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Articles Home » 1979 Articles » Anka, Paul - 1979 Headlines
 
Anka, Paul - 1979 Headlines



ARTIST: Anka, Paul
ALBUM: Headlines
LABEL: RCA
SERIAL: AFL 1-3382
YEAR: 1979
CD REISSUE: 2010, Sony (Japan), 4547366056402

COUNTRY OF ORIGIN:

LINEUP: Paul Anka - vocals

Musicians: Jay Graydon, Dennis Budimir, Fred Tackett, John Pondel, Thom Rotella, Philipp Williams, Larry Carlton - guitars * Michael Porcaro, John Pirece, Reinie Press, Ray Tini - bass * David Foster, Neil Larsen, Ron Feuer, Terry Trotter, Lincoln Mayorga, Tom Hensley - pianos * Mike Baird, Richard Sclosser, Steve Schaeffer, Bud Harner - drums * Don Baldwin - acoustic bass * Michael Boddicker - synth * Joe Porcaro, Alan Estes, Victor Feldman, Jerry Steinholtz, Tom Roady - percussion * James Gilstrap, Jon Joyce, Stephanie Spruill, Myrna Matthews, Melissa McKay, Gene Mortford, Jim Haas, Linda Dillard, Adam Mitchell - background vocals

TRACK LISTING: 01 Headlines * 02 As Long As We Keep Believing * 03 Andi * 04 Never Get To Know You * 05 Learning To Love Again * 06 I Can't Get Over You * 07 Together Again * 08 Life Song * 09 Leave It All To Me

WEBLINKS: www.paulanka.com


Background
In our continuing effort to bring you AOR, west coast and classic pop from the least likely and obscure sources possible we bring you Mr. Paul Anka. Ok, I hear your pain and I am sure you are asking 'WTF Eric! What's next, Barry Manilow for Chris-sakes?' No, rest easy my friends and music fans. While Manilow had his moments of pop brilliance early on (who can argue with 'Could It Be Magic'?) he just doesn't cut the mustard even as a borderline west coast artist, but back to the subject at hand, you see I too grew up with Anka. Heard him all the time in the 60's and 70's sitting in the back seat of my parents Ford LTD 'Country Squire' station wagon (yeah, with the fake wood sides) listening to the local easy listening station on our way to god knows where, but a few months ago while perusing a certain west coast music web site, this album showed up and of course my curiosity got the best of me. Just looking at some of the names that appear on the record should be a good indication that this is not your typical Paul Anka album.. or is it?


The Songs
Well, a Leopard can't change its spots and Paul Anka will always be Paul Anka. Canadian born and Vegas bred, Anka rides and exploits the show tune/lounge pop ethic on many of 'Headlines' nine songs with a tendency for the over-dramatic on ballads like 'Andi' but there are a few cuts here that are worth your attention in particular the title track. A look at the lyrics will date the song with references to Billy Carter (President Jimmy Carter's brother) and Farrah Fawcett, but closer inspection reveals times haven't changed all that much since 1979 with Oil and Mid East problems still the major story, inept Government and an entertainment based news media that still is nothing more than opium for the masses. The tune rocks with an ear on AOR radio obviously, leading me to believe that Foreigner and Toto got some notice from the veteran lounge singer or maybe it was just record company meddling? Probably the latter but just a guess? 'Never Get To Know You' will leave most west coast fans in a puddle of mush with plenty of Toto references amid the disco beat and surprisingly it works. 'Learning To Love Again' is very much 'Blue Moves' period Elton John with an AOR vibe and it too works despite some syrupy strings reminiscent of Eric Carmen at his most grandiose. The closing track 'Leave It All To Me' is a bouncy, creative number reminding me of Southern California soft popsters Games and their 'Stargazer' album which we have previously reviewed here at GD.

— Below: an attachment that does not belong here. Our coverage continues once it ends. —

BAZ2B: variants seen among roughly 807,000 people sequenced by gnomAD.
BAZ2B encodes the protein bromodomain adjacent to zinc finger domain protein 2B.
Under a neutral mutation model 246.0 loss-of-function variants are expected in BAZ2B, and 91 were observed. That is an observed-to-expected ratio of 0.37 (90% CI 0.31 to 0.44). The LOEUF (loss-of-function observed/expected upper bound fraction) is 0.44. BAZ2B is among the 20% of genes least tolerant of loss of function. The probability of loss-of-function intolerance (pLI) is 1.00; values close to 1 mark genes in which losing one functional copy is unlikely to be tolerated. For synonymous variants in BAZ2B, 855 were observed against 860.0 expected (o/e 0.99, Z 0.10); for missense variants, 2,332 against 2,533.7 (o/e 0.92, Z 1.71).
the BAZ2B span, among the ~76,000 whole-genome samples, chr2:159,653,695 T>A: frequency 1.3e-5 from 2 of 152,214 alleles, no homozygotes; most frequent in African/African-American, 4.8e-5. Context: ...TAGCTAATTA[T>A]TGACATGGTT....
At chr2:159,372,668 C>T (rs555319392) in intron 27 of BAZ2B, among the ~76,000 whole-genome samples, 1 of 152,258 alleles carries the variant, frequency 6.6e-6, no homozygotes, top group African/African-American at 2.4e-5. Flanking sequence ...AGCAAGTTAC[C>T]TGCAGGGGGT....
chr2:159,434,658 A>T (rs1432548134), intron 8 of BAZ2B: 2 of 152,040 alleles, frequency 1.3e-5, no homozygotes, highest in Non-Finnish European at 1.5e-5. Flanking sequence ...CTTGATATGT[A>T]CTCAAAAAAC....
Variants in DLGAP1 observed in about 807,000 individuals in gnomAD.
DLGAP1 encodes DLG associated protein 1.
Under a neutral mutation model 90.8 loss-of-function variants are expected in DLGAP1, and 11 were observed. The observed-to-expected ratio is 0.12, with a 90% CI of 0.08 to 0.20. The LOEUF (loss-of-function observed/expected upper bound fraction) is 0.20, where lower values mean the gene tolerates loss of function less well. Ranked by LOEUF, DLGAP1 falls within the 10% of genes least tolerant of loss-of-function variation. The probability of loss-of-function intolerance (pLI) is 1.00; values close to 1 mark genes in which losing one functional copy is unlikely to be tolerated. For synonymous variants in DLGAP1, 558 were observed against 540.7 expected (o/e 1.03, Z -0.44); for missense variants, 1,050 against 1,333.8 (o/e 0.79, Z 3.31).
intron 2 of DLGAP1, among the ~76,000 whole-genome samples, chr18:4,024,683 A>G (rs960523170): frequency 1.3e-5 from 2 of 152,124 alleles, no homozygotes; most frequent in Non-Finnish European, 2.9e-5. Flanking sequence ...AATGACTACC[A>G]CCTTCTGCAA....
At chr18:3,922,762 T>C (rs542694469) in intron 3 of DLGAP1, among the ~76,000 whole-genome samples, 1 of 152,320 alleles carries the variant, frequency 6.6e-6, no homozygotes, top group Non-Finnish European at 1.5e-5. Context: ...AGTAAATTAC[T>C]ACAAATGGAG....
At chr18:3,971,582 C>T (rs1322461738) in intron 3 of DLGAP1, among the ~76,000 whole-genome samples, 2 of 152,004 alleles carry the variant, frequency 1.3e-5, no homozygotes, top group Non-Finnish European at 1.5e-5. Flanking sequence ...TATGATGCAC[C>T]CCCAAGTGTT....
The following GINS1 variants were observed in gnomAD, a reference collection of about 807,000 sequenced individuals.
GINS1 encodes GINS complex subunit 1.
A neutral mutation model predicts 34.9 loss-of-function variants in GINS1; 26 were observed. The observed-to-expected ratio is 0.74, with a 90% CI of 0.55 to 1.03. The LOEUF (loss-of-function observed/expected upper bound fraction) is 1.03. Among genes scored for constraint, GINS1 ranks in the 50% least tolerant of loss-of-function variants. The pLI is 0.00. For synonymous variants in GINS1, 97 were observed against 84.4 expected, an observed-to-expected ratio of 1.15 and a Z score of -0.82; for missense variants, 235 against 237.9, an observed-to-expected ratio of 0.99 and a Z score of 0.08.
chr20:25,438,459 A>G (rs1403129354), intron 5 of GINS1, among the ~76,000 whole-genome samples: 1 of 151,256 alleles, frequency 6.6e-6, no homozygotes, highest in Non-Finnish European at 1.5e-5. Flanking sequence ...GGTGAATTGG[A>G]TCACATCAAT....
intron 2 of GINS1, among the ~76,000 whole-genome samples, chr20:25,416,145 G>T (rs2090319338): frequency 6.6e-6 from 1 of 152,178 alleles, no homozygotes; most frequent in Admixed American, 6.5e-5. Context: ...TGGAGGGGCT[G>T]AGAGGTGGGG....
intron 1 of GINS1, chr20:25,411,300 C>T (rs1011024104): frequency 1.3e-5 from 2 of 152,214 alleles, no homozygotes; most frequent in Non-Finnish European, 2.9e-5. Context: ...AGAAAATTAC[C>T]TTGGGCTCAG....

In Summary
Not exactly a west coast classic, but an unusual record that has it's moments. It was reissued on CD in Japan and I recently saw a copy on eBay, but LP copies are plentiful and cheap from the usual sources. True west coast aficionados will want this. I am keeping my copy just because of its strangeness, but you really have to be in the mood for it. Your mileage may vary.


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Comments
#1 | englandashes on January 01 1970 01:00:00
Yes, Paul's 1983 lp, that Eric refers to, was Walk A Fine Line, which is a good lp, again I picked it up a while ago as always seemed to be mentioned on Westcoast sites and early additions of Frontline fanzine from Sweden. This release also has many great musicians, like David Foster, Michael McDonald, so looking forward to Eric's review.
#2 | jefflynnefan on January 14 2008 02:43:54